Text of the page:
“Straight black hair, olive skin, we even have the same gray eyes. But we’re not related, at least not closely. Most of the families who work the mines resemble one another this way.”

Yeah it’s a dystopian future world where maybe ethnicity and so on has shifted, but everyone going “well maybe it’s a post-racial society” is missing the point really hard, because it is made pretty apparent from this that there are both socioeconomic disparities between this group and the whiter and more privileged group that Peeta and the unnamed mother come from.

I mean, whatever, I’m sure if you’re really really invested in this you can find ways to argue that it’s not about race some people from some areas just have kind of homogenous features, like in Wales or Ireland or whatever, but to be honest I’m not going to listen. Sure, despite all the hints to the contrary, I guess they could theoretically maybe be living in a completely postracial society. That’d really suit the rest of the sociopolitical content in this dystopian story about a cultural imperialist regime where the tyrant-in-chief is a white-haired white guy called President Snow. That sounds totally plausible.

(Source: averagesparrow, via burritosong)

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angerliz:

wecansexy:

WOW HOW DID I NEVER NOTICE THIS…………WOW…..

o

oh

aaaaah!

(Source: avataraang)

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gwenfrankenstien:

[img: Barbara Gordon, a white woman with red hair, in her wheelchair,  smiling. Text: “I am no longer a distaff impersonation of someone else.  I’m me— more me than I have ever been. My life is my own. I embrace it, and the light, with a deep, continuing joy.”]
Speaking of Yale & Ostrander Oracle, here’s a relevant panel from Oracle: Year One (in Batman Chronicles #5)

gwenfrankenstien:

[img: Barbara Gordon, a white woman with red hair, in her wheelchair, smiling. Text: “I am no longer a distaff impersonation of someone else. I’m me— more me than I have ever been. My life is my own. I embrace it, and the light, with a deep, continuing joy.”]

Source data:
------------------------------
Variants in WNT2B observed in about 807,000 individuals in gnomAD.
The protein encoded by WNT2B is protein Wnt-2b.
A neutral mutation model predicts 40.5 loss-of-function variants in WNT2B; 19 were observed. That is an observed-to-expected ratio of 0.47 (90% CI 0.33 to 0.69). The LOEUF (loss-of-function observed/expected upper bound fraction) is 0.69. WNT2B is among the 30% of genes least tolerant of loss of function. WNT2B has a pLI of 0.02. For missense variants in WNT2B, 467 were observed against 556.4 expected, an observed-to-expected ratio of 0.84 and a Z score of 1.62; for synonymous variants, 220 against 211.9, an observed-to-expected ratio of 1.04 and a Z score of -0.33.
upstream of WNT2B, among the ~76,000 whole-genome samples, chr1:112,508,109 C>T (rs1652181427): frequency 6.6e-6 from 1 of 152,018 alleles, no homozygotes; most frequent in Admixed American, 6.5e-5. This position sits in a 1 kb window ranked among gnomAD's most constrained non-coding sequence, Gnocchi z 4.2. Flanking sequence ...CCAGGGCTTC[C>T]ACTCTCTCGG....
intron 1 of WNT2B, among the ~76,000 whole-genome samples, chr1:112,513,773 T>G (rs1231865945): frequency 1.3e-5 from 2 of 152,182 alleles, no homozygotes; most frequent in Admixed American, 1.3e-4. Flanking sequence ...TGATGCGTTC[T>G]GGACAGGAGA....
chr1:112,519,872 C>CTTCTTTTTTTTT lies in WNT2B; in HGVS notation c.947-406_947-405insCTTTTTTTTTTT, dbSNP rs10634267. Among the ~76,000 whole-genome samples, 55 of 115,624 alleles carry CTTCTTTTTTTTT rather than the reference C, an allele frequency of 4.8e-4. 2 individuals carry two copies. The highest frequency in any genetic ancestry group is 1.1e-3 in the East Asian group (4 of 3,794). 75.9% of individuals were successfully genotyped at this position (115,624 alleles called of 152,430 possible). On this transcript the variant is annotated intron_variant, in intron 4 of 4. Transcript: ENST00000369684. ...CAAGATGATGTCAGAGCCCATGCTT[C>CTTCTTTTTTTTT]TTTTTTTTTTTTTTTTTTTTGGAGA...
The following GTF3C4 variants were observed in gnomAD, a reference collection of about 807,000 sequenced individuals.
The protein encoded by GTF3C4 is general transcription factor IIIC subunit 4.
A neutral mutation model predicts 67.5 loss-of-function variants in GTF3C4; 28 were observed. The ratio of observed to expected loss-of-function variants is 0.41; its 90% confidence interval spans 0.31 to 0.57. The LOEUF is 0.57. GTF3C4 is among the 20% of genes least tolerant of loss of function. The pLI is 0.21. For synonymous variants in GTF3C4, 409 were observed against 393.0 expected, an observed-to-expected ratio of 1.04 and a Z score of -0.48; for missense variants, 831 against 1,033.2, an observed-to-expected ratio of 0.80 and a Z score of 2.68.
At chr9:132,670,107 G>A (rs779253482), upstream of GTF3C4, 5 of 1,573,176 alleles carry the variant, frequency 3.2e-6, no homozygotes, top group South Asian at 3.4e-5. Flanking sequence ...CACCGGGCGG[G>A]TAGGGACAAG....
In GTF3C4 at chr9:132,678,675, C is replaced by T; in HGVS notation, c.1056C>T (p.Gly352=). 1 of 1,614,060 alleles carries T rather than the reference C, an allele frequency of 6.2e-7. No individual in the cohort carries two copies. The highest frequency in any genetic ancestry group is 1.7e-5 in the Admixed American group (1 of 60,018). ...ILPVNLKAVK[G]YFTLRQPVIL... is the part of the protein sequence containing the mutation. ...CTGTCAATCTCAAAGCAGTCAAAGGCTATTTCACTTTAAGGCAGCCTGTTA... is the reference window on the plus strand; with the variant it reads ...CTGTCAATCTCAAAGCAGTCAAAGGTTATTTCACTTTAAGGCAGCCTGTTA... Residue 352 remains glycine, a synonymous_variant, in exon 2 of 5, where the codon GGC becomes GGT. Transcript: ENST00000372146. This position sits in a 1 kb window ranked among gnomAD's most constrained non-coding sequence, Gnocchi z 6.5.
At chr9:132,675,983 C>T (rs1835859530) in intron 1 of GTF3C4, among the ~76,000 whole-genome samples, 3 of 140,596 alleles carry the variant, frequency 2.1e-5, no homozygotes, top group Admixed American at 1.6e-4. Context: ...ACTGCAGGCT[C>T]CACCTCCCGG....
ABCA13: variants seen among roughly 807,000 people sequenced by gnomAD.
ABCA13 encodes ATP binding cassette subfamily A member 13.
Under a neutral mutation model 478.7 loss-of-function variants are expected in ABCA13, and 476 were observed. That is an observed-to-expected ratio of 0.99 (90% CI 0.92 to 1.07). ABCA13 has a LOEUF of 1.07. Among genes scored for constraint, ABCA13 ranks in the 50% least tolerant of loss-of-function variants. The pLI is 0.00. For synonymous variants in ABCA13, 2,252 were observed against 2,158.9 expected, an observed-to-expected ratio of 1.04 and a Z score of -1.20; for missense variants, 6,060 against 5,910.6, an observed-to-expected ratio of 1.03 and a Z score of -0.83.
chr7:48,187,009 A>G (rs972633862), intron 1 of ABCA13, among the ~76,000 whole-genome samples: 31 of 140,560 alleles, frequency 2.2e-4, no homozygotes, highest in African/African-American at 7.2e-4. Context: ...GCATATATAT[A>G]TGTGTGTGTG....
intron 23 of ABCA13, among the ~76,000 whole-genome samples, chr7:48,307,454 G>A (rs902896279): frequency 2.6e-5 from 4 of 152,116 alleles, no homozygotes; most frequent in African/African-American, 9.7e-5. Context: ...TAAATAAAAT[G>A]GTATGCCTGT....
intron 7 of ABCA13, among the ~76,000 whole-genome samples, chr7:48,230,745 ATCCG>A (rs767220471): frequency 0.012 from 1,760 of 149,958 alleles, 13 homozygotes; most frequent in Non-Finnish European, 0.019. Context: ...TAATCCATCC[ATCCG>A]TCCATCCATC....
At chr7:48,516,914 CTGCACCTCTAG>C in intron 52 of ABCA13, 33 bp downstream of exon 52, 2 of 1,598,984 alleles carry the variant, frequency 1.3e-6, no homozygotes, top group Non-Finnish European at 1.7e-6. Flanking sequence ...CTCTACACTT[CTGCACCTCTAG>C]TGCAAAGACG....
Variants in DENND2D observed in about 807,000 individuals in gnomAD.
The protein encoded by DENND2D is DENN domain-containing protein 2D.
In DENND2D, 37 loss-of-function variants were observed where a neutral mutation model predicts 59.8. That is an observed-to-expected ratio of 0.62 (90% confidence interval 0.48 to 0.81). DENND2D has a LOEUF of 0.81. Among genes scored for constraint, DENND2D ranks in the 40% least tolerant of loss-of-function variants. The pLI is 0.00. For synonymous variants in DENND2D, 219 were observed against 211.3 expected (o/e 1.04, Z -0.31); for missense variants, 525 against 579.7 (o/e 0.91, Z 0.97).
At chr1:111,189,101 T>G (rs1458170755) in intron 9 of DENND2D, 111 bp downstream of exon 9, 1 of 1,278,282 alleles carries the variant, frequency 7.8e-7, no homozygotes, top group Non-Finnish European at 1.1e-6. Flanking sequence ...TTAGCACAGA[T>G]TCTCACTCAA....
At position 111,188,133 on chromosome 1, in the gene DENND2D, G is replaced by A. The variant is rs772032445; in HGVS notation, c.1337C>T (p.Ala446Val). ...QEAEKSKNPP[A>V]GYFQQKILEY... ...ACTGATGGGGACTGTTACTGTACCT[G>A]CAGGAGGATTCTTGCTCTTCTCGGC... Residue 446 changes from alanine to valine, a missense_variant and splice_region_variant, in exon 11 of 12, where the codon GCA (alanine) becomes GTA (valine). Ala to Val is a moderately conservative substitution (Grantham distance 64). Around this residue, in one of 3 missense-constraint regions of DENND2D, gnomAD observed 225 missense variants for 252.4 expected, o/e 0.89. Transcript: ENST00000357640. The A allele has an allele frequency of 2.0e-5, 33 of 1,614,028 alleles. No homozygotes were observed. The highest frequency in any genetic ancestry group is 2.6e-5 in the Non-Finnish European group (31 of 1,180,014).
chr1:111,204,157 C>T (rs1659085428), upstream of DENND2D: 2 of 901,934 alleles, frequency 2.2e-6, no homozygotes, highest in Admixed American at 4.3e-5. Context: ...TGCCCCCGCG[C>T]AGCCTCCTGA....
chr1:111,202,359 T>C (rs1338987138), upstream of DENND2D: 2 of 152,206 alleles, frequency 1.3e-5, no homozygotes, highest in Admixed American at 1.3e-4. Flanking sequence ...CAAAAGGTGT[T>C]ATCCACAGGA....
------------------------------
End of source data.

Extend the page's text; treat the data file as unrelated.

Speaking of Yale & Ostrander Oracle, here’s a relevant panel from Oracle: Year One (in Batman Chronicles #5)

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Just a few words tonight

dcwomenkickingass:

Creativity is the ability to tell stories within parameters. It is the ability to work with what’s there and not have to reach or grasp beyond. Great artists respect their audiences. They create a bond with them to let the page, the note, the song create a moment of union. Great artists don’t underestimate their audiences. Or trick them. Or think they are too stupid or dumb to get what they are trying to say or do. They take their pens, they take their instruments, and they square off against their parameters and time after time are able to build something wonderful.

To say that there are no more stories to be told with Oracle is bullshit. To say that Batgirl is better character or a more appealing character carries some much horrible ableism it rakes at the bile in my stomach. To claim that Stephanie Brown and Cassandra Cain cannot be a Batgirl when three Robins are left running around Gotham illustrates the double standard that gallops through the Bat books. And DC Comics.

I’ve known this announcement has been coming for a bit. And each day I tried to convince myself they wouldn’t do it. But I knew they would. Shame on you DC. Shame on you for being so lazy and unimaginative. Shame on you for having such a low opinion of your audiences to think they can only accept one Batgirl. Shame on you for continued focus on the past instead of the future. And shame on you for taking one of the best characters in comics putting her out of commission.

Last year I ran a contest to name the most kick ass female in DC Comics. You know who won over Wonder Woman and Catwoman and Black Canary and ever other female that DC has trademark on? Oracle. The popular choice. But not DC’s choice.

I finally figure out tonight why Adam Hughes probably picked my sketch out of the long, long list of commissions he had in Boston. My guess, since he’s doing covers on the book, is he probably knew. Or maybe not. Whatever the reason, the piece I think says it all: